230000000670 limiting Effects 0 description 2
 238000007620 mathematical function Methods 0 claims 2
 239000011159 matrix materials Substances 0 claims description 25
 238000006011 modification Methods 0 description 4
 230000004048 modification Effects 0 description 4
 230000000051 modifying Effects 0 description 2
 239000011295 pitch Substances 0 abstract claims description 30
 238000004451 qualitative analysis Methods 0 description 1
 230000002829 reduced Effects 0 description 3
 230000001603 reducing Effects 0 abstract description 3
 238000006722 reduction reaction Methods 0 abstract description 3
 230000004044 response Effects 0 description 9
 238000004805 robotics Methods 0 description 2
 230000035945 sensitivity Effects 0 description 2
 238000004088 simulation Methods 0 description 5
 230000001131 transforming Effects 0 claims description 4
 230000002798 winter Effects 0 description 1
Images
Classifications

 B—PERFORMING OPERATIONS; TRANSPORTING
 B25—HAND TOOLS; PORTABLE POWERDRIVEN TOOLS; MANIPULATORS
 B25J—MANIPULATORS; CHAMBERS PROVIDED WITH MANIPULATION DEVICES
 B25J9/00—Programmecontrolled manipulators
 B25J9/16—Programme controls
 B25J9/1628—Programme controls characterised by the control loop
 B25J9/1643—Programme controls characterised by the control loop redundant control

 B—PERFORMING OPERATIONS; TRANSPORTING
 B25—HAND TOOLS; PORTABLE POWERDRIVEN TOOLS; MANIPULATORS
 B25J—MANIPULATORS; CHAMBERS PROVIDED WITH MANIPULATION DEVICES
 B25J9/00—Programmecontrolled manipulators
 B25J9/16—Programme controls
 B25J9/1612—Programme controls characterised by the hand, wrist, grip control

 G—PHYSICS
 G05—CONTROLLING; REGULATING
 G05B—CONTROL OR REGULATING SYSTEMS IN GENERAL; FUNCTIONAL ELEMENTS OF SUCH SYSTEMS; MONITORING OR TESTING ARRANGEMENTS FOR SUCH SYSTEMS OR ELEMENTS
 G05B2219/00—Programcontrol systems
 G05B2219/30—Nc systems
 G05B2219/34—Director, elements to supervisory
 G05B2219/34135—Spline

 G—PHYSICS
 G05—CONTROLLING; REGULATING
 G05B—CONTROL OR REGULATING SYSTEMS IN GENERAL; FUNCTIONAL ELEMENTS OF SUCH SYSTEMS; MONITORING OR TESTING ARRANGEMENTS FOR SUCH SYSTEMS OR ELEMENTS
 G05B2219/00—Programcontrol systems
 G05B2219/30—Nc systems
 G05B2219/40—Robotics, robotics mapping to robotics vision
 G05B2219/40333—Singularity, at least one movement not possible, kinematic redundancy

 G—PHYSICS
 G05—CONTROLLING; REGULATING
 G05B—CONTROL OR REGULATING SYSTEMS IN GENERAL; FUNCTIONAL ELEMENTS OF SUCH SYSTEMS; MONITORING OR TESTING ARRANGEMENTS FOR SUCH SYSTEMS OR ELEMENTS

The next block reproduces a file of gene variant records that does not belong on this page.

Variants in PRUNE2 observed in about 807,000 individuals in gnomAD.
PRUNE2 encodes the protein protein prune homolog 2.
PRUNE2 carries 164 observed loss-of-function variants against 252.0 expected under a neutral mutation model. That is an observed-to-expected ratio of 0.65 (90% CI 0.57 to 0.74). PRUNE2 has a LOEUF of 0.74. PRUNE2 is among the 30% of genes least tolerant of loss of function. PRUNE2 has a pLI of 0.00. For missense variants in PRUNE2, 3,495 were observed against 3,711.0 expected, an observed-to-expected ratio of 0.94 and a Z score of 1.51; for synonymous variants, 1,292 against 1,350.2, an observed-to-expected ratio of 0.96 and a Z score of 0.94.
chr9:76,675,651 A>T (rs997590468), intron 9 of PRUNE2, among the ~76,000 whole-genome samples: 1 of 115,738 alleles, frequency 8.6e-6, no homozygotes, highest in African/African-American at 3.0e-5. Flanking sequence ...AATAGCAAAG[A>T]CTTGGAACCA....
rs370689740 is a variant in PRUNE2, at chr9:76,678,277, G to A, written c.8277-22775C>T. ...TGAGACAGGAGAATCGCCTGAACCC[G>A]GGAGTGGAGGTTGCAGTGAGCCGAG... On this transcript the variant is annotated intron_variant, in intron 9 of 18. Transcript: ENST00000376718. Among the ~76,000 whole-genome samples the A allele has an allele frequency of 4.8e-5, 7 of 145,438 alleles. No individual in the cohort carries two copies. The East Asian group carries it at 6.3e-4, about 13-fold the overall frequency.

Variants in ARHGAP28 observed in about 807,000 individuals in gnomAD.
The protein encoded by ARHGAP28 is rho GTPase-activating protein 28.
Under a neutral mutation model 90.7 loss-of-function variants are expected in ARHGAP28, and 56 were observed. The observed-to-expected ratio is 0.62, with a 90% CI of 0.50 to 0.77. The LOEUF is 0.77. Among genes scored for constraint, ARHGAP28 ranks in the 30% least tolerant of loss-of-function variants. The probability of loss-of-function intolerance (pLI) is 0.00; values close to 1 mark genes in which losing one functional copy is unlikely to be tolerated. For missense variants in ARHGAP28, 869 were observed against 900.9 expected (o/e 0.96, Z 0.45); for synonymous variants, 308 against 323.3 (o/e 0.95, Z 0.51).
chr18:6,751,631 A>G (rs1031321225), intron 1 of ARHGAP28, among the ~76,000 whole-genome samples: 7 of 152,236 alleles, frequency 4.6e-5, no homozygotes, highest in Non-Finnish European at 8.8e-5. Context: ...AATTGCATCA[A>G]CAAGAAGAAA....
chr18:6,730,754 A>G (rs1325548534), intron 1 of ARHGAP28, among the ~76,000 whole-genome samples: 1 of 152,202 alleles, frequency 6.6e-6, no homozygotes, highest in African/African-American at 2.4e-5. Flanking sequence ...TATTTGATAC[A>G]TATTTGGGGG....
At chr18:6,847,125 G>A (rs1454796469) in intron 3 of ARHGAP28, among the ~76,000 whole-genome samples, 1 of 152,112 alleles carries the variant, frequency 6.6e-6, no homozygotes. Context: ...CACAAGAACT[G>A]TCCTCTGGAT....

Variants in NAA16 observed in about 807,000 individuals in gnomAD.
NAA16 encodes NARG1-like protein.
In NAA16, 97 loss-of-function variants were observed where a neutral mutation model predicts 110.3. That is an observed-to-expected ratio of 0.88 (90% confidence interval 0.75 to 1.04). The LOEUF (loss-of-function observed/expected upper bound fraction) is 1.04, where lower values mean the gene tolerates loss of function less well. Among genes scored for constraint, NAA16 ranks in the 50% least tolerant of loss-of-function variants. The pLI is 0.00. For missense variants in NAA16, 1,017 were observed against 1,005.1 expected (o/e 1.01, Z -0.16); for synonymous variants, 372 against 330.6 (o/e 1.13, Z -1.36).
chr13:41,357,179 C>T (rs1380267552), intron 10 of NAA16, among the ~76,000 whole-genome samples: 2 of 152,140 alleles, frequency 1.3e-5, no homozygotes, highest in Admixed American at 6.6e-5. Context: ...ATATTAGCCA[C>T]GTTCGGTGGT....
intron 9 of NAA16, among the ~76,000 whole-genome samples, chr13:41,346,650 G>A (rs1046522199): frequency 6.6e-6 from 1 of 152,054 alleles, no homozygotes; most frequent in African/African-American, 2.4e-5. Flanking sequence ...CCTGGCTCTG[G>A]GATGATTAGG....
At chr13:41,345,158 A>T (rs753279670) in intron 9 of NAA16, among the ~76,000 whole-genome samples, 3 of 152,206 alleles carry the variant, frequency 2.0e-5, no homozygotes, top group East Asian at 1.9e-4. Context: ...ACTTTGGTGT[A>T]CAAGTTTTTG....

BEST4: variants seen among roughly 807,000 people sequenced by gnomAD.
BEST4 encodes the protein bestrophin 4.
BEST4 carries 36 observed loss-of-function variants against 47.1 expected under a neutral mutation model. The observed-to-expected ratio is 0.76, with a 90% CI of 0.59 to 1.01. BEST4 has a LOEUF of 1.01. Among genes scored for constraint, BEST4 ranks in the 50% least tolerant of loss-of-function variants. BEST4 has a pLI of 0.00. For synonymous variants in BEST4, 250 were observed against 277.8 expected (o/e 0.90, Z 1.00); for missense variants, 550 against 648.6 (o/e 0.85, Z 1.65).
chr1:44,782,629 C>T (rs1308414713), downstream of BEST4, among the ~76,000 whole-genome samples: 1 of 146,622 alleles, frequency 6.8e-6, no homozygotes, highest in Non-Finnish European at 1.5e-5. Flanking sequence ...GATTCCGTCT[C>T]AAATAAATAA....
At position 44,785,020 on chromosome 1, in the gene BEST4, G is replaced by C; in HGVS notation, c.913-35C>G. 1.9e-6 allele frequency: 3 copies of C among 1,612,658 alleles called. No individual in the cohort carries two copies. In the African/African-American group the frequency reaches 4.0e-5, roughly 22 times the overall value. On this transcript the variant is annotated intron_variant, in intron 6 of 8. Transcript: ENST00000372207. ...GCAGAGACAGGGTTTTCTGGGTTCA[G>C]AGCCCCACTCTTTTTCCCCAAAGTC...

G05B2219/00—Programcontrol systems
 G05B2219/30—Nc systems
 G05B2219/41—Servomotor, servo controller till figures
 G05B2219/41005—Update servo gain not for each microprocessor cycle, but after a certain displacement
Abstract
Description
1. Field of the Invention
The present invention relates to methods and algorithms for controlling robotic arms, and particularly to a method and algorithm for controlling a robotic arm having two links, a spherical wrist and seven degrees of freedom.
2. Brief Description of the Prior Art
Methods for controlling robotic systems, including robotic arms having several degrees of freedom, can involve the utilization of complex algorithms requiring large computerized resources for computation and control. This is particularly true for robotic arms that are configured for space applications, which involve many considerations not present in terrestrial applications. Safety and versatility are of prime importance in space applications. For example, safety concerns create a need for obstacle avoidance algorithms. Versatility demands may necessitate the manipulator's ability to perambulate between locations. Redundant manipulators meet these requirements because the additional degrees of freedom allow inclusion of obstacle avoidance algorithms and increase the maneuverability of the manipulator. The redundant joint configuration described in the present application consists of two links with identical two degreeoffreedom "shoulder" and "elbow" joints and a spherical "wrist" making a total of seven degrees of freedom. This particular joint geometry has favorable characteristics with respect to singularity avoidance, obstacle avoidance and simplicity. The present robotic arm utilizes a spherical wrist having three degrees of freedom, such that its kinematics are decoupled from the two links of the arm.
U.S. Pat. No. 4,794,547, issued Dec. 27, 1988 to Azusa Nishida, and U.S. Pat. No. 4,823,279, issued Apr. 18, 1989 to William Perzley et al., both depict a two link robotic arm having a wristlike end effectuator engaged therewith. These patents present systems and algorithms for the manipulation of the robotic arm described therein. These inventions fail to achieve the versatility and simplicity of the present invention in that the end effector lacks three degrees of freedom and is therefore not decoupled from the two links of the arm. Additionally, the two links do not possess four degrees of freedom, whereby redundancy of motion is not achieved in the arm, and consequently the versatility of the present invention is not achieved. U.S. Pat. No. 4,772,831, issued Sept. 20, 1988 to Casler, Jr. et al.; U.S. Pat. No. 4,763,276, issued Aug. 9, 1988 to Perreirra et al.; and U.S. Pat. No. 4,680,519, issued July 14, 1987 to Chand et al., teach more generalized control systems for robotic arms having a plurality of links and/or joints.